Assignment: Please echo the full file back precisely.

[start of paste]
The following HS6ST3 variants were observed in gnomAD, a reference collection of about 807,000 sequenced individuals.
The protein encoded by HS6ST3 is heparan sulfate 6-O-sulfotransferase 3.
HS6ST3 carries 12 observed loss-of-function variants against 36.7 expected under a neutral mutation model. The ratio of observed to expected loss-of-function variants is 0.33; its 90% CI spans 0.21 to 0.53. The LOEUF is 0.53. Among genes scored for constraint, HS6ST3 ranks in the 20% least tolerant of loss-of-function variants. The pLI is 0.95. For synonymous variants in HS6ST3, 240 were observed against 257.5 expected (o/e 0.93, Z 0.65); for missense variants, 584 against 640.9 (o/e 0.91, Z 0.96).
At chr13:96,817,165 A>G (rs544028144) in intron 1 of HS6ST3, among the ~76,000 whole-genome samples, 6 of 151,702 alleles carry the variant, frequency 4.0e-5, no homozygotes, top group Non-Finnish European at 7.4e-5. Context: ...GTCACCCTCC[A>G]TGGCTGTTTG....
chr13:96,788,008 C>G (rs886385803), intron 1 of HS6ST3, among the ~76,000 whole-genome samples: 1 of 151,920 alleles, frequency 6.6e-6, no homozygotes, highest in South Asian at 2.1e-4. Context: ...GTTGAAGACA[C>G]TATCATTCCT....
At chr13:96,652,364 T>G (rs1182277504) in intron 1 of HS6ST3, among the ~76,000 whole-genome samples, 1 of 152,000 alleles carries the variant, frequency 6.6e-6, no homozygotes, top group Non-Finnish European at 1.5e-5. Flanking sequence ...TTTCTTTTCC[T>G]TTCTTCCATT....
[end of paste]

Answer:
The following HS6ST3 variants were observed in gnomAD, a reference collection of about 807,000 sequenced individuals.
The protein encoded by HS6ST3 is heparan sulfate 6-O-sulfotransferase 3.
HS6ST3 carries 12 observed loss-of-function variants against 36.7 expected under a neutral mutation model. The ratio of observed to expected loss-of-function variants is 0.33; its 90% CI spans 0.21 to 0.53. The LOEUF is 0.53. Among genes scored for constraint, HS6ST3 ranks in the 20% least tolerant of loss-of-function variants. The pLI is 0.95. For synonymous variants in HS6ST3, 240 were observed against 257.5 expected (o/e 0.93, Z 0.65); for missense variants, 584 against 640.9 (o/e 0.91, Z 0.96).
At chr13:96,817,165 A>G (rs544028144) in intron 1 of HS6ST3, among the ~76,000 whole-genome samples, 6 of 151,702 alleles carry the variant, frequency 4.0e-5, no homozygotes, top group Non-Finnish European at 7.4e-5. Context: ...GTCACCCTCC[A>G]TGGCTGTTTG....
chr13:96,788,008 C>G (rs886385803), intron 1 of HS6ST3, among the ~76,000 whole-genome samples: 1 of 151,920 alleles, frequency 6.6e-6, no homozygotes, highest in South Asian at 2.1e-4. Context: ...GTTGAAGACA[C>G]TATCATTCCT....
At chr13:96,652,364 T>G (rs1182277504) in intron 1 of HS6ST3, among the ~76,000 whole-genome samples, 1 of 152,000 alleles carries the variant, frequency 6.6e-6, no homozygotes, top group Non-Finnish European at 1.5e-5. Flanking sequence ...TTTCTTTTCC[T>G]TTCTTCCATT....